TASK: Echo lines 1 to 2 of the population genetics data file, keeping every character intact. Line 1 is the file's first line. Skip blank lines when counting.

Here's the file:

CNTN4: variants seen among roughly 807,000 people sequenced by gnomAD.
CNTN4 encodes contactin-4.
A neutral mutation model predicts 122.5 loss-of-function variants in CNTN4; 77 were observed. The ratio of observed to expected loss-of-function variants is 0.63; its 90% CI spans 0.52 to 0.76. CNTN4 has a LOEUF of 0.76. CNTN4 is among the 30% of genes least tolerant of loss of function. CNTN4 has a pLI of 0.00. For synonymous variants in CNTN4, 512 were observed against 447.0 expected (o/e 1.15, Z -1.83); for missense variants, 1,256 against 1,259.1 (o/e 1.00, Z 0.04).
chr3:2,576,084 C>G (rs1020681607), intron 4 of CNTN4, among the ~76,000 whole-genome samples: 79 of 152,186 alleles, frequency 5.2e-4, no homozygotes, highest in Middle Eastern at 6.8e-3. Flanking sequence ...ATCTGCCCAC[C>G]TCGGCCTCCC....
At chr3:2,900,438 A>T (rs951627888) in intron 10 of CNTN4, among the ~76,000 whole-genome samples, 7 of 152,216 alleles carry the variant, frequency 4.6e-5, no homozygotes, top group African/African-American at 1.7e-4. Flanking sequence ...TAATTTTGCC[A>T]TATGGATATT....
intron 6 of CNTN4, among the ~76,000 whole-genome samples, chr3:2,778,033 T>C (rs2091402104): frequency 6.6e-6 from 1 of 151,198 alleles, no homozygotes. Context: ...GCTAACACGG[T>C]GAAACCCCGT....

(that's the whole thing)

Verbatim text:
CNTN4: variants seen among roughly 807,000 people sequenced by gnomAD.
CNTN4 encodes contactin-4.